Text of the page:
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She Came to My House, Unannounced

Written By: Lauren Howard



She came to my house, unannounced, after yet another day of dialysis. She was in training to be able to provide it to herself at home, but she hadn’t graduated yet. Most people graduated in a matter of weeks. She was on month five and still working through it. But that was fine because they were kind and helpful to her, and she didn’t mind going.


Regardless, she was standing in my doorway. She was a little out of breath but she wanted to see the kids.


Sure. They could keep each other entertained and I could do work without having to engage.


Fine.


She asked for a chair because she did seem like she was having trouble catching her breath. It was impossible to tell if she really was struggling or if she was huffing and puffing for a show. She got her dopamine off of making other people worry, and she would get it even if you didn’t want her to have it.


Still, I got the chair. And I sat her in it before turning on my heels and going back into my office. I left the door open so I could hear as she huffed and puffed.


And boy, did she.


I wrote it off as yet another her-being-her episode. Eventually, I got up to check on the kids who were with a babysitter in the other room.


She was slumped over in the chair.


Instinct kicked in.


WHAT HAVE I DONE? HOW COULD I LET THIS HAPPEN TO HER?


I screamed her name and yelled for the babysitter to call 911. I kept yelling for her as she slowly started to respond through dry mouth and dysarthria.


And man, as weird as this sounds, I would have loved to spend the ensuing ten minutes genuinely worried about her and her well-being.


Instead, half of my brain was dedicated to addressing whatever this was, and the other half was wondering how this was yet another grift. Could she have learned to make her eyes roll back for effect? Would she purposely dehydrate herself to cause an episode of something in front of my children? Had it been so long since we spoke that she decided the best way to get my attention was by making me a captive audience in the back of an ambulance?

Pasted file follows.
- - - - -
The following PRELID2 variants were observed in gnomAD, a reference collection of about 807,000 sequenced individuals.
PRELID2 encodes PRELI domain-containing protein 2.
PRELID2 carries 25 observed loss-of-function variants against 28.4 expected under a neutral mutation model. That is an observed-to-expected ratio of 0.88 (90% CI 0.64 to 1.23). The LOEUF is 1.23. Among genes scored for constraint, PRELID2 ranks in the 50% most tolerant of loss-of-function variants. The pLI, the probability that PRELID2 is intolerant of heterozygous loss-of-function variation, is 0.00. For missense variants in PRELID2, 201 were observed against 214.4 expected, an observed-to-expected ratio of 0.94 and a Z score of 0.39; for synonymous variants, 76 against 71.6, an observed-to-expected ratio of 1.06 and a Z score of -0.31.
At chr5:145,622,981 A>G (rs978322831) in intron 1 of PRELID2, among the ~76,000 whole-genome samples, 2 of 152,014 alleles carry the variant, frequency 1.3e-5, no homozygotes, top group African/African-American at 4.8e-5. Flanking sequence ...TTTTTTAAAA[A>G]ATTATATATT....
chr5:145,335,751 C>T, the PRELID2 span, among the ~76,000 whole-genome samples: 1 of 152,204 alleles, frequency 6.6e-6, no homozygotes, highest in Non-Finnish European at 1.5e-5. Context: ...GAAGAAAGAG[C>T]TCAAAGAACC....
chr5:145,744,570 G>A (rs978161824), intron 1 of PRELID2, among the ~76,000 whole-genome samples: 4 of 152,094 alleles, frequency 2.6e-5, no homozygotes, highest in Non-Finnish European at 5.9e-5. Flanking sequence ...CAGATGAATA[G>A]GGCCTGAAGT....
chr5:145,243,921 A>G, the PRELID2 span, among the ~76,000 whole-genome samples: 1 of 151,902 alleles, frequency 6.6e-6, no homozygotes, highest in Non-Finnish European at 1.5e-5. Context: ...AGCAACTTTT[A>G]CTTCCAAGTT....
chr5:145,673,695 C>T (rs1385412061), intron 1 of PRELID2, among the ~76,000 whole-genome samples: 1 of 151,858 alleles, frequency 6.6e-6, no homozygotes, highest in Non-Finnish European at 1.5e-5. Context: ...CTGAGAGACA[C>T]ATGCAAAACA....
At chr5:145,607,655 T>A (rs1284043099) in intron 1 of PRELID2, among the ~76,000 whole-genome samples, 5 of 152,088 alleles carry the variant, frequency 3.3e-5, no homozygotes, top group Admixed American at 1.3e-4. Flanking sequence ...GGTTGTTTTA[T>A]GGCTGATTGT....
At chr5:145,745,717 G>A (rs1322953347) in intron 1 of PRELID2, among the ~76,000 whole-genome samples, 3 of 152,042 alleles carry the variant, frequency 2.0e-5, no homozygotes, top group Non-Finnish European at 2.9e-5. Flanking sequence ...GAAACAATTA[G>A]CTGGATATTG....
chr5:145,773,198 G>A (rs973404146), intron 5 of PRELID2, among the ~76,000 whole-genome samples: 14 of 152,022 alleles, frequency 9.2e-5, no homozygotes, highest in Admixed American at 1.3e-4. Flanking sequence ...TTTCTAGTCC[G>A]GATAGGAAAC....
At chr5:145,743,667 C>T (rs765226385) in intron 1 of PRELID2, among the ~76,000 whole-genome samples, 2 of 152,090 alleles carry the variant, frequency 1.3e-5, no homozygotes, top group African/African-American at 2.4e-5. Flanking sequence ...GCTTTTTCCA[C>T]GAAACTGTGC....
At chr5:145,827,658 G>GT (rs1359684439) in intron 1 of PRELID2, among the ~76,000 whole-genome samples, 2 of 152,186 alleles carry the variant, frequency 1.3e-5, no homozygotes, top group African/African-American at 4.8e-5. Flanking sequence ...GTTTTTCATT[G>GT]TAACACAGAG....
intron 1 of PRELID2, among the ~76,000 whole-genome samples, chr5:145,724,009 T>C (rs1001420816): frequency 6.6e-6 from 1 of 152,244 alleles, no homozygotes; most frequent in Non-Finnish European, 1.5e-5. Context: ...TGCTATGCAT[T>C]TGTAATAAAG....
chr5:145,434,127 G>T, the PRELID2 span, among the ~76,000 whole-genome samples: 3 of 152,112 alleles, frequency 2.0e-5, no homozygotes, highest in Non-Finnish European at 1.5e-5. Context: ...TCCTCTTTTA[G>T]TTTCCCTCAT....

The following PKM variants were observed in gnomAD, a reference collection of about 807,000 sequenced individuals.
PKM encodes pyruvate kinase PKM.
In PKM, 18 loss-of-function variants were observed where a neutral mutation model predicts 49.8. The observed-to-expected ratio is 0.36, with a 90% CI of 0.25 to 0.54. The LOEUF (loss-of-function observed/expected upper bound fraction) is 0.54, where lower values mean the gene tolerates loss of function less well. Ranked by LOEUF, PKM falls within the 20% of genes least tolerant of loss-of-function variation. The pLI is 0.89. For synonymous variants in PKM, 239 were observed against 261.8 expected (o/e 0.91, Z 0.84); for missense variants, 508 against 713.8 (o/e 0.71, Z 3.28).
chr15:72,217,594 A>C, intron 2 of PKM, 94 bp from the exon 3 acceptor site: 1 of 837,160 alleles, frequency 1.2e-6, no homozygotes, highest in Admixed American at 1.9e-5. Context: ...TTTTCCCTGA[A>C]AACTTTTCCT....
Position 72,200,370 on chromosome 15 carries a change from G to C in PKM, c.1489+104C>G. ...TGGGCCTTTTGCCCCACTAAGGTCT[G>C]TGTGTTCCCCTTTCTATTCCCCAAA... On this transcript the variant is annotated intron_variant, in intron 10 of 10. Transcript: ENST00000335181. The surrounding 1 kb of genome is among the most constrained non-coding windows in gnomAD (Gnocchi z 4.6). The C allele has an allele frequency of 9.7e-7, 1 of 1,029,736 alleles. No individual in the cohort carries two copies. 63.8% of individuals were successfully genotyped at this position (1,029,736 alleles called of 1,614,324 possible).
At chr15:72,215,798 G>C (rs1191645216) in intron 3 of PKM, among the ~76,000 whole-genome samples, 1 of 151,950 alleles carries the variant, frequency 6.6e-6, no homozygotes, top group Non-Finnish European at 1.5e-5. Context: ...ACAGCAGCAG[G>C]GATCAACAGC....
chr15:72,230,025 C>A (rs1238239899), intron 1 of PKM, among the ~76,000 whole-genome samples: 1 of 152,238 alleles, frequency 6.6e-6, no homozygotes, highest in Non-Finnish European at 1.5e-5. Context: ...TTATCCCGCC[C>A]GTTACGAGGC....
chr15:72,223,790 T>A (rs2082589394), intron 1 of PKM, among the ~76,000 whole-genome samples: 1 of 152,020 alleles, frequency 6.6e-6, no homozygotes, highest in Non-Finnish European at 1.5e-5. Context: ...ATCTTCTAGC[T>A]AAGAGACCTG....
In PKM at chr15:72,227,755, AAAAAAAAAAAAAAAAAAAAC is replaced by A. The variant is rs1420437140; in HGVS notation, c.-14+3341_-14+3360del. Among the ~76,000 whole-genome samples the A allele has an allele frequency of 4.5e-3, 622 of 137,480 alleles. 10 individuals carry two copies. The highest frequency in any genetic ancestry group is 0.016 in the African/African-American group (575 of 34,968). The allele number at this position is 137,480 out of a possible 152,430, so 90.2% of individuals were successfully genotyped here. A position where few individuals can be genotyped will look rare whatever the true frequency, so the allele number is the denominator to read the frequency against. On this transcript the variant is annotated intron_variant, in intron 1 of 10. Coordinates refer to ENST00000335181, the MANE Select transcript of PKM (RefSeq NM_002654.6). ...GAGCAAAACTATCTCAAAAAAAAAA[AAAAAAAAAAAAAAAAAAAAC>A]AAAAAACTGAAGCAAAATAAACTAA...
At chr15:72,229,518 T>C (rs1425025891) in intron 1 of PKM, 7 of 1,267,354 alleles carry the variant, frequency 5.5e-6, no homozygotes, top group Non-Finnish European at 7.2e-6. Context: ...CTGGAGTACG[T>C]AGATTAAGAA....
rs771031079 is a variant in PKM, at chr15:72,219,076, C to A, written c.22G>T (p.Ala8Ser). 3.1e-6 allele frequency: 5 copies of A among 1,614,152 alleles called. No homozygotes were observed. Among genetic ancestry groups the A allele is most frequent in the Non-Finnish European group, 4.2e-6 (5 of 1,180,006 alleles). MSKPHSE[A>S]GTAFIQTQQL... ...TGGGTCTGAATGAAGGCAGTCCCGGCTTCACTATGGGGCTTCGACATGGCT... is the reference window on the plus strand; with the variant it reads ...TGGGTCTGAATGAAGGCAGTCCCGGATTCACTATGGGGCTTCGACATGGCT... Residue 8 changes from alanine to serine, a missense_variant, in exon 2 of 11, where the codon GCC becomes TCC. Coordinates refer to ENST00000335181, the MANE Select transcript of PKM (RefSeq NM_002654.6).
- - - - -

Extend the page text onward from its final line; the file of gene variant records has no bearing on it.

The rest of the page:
And yet there I was. One person on the outside, but split directly down the center doing the logical, rational things that you do when a person seems ill and was momentarily unconscious while also doing the gold-medal level mental gymnastics that I trained for my whole life.


I drew a mental line in the sand. I would help, but I would not upend my life and my children for this. Someone else needs to step in.


I grabbed her phone and called my brother. The one that I don’t talk to but who somehow lived across the street from my neighborhood. “Mom is sick and is going to the hospital in an ambulance. Can you follow her in your car and stay with her while they figure out what is happening?”


He was at my door less than ten minutes later.


I packed her into an ambulance, asked the paramedics to give me an honest medical opinion of what was happening, and tried to stop my hands from shaking.


“I think her blood pressure just dropped. She’s probably dehydrated.”


Ah.


He couldn’t know what was going on in my brain, but he kind of looked at me like he understood.


“Yeah. She’s gonna be fine, but we’ll get her checked out anyway. I’ll keep your brother up to speed.”


As they drove off, I held hands with my new best friend. Her name was Boundaries, and we were going to spend some time getting to know each other.


 

Founder & CEO at elletwo



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